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IAC sues Tinder co-founder Sean Rad over business documents, escalating court fight

Key Points
  • The lawsuit, filed in state court in Manhattan on Tuesday evening, came six months after Sean Rad and other Tinder co-founders sued IAC, accusing it of undervaluing Tinder to avoid paying them billions of dollars.
  • The lawsuit claims at least $250 million in damages.
  • Orin Snyder, a lawyer for Los Angeles-based Rad, said in a statement that the lawsuit was "ridiculous" because Rad's employment contract allowed him back up his email.
Sean Rad, chief executive officer of Tinder Inc., speaks during the Rise conference in Hong Kong, China, on Wednesday, July 11, 2018. The conference runs through July 12. 
Anthony Kwan | Bloomberg | Getty Images

Online dating company Match Group and its owner IAC/InterActiveCorp has filed a lawsuit accusing Sean Rad, a former employee known for co-founding the popular dating service Tinder, of secretly copying company files and other proprietary information.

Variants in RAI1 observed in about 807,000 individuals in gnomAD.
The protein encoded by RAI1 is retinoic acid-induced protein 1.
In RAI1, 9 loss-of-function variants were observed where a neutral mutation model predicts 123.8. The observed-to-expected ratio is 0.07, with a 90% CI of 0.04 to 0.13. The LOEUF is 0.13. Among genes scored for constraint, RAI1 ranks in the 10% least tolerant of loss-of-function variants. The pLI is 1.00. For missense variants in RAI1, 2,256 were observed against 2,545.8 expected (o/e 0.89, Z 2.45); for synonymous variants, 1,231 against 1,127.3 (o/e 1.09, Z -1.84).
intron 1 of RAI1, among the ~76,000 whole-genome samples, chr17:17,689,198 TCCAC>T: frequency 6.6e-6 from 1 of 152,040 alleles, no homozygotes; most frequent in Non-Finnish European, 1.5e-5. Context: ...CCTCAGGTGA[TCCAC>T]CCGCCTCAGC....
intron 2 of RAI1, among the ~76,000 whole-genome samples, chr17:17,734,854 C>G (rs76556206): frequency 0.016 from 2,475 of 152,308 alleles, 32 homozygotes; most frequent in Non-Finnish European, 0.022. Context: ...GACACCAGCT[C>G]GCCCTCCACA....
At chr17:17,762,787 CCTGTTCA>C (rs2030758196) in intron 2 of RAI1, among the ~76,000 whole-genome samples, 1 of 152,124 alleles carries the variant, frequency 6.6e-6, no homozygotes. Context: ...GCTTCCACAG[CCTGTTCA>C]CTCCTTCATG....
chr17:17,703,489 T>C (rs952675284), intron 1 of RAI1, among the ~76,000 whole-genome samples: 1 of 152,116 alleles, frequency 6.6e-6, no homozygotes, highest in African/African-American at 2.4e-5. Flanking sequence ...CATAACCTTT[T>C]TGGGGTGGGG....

The lawsuit, filed in state court in Manhattan on Tuesday evening, came six months after Rad and other Tinder co-founders sued IAC, accusing it of undervaluing Tinder to avoid paying them billions of dollars.

Tinder is one of several dating services under the umbrella of Match Group, which is mostly owned by IAC.

The lawsuit claims at least $250 million in damages.

IAC and Match's complaint alleged that, in violation of an employment agreement, over several years Rad created backups of internal emails, forwarded company emails to a personal email address, and directly copied company files that included "highly sensitive, non-public information concerning his employers business strategies and plans."

Orin Snyder, a lawyer for Los Angeles-based Rad, said in a statement that the lawsuit was "ridiculous" because Rad's employment contract allowed him back up his email.

"Do IAC and Match really think the jury won't see right through this desperate act of retaliation?," Snyder said.

Rad's lawsuit against IAC and Match, filed in August in state court in Manhattan, alleged the companies deliberately undervalued the Tinder dating app to limit how much money he and other employees could make from exercising stock options. IAC and Match denied the allegations.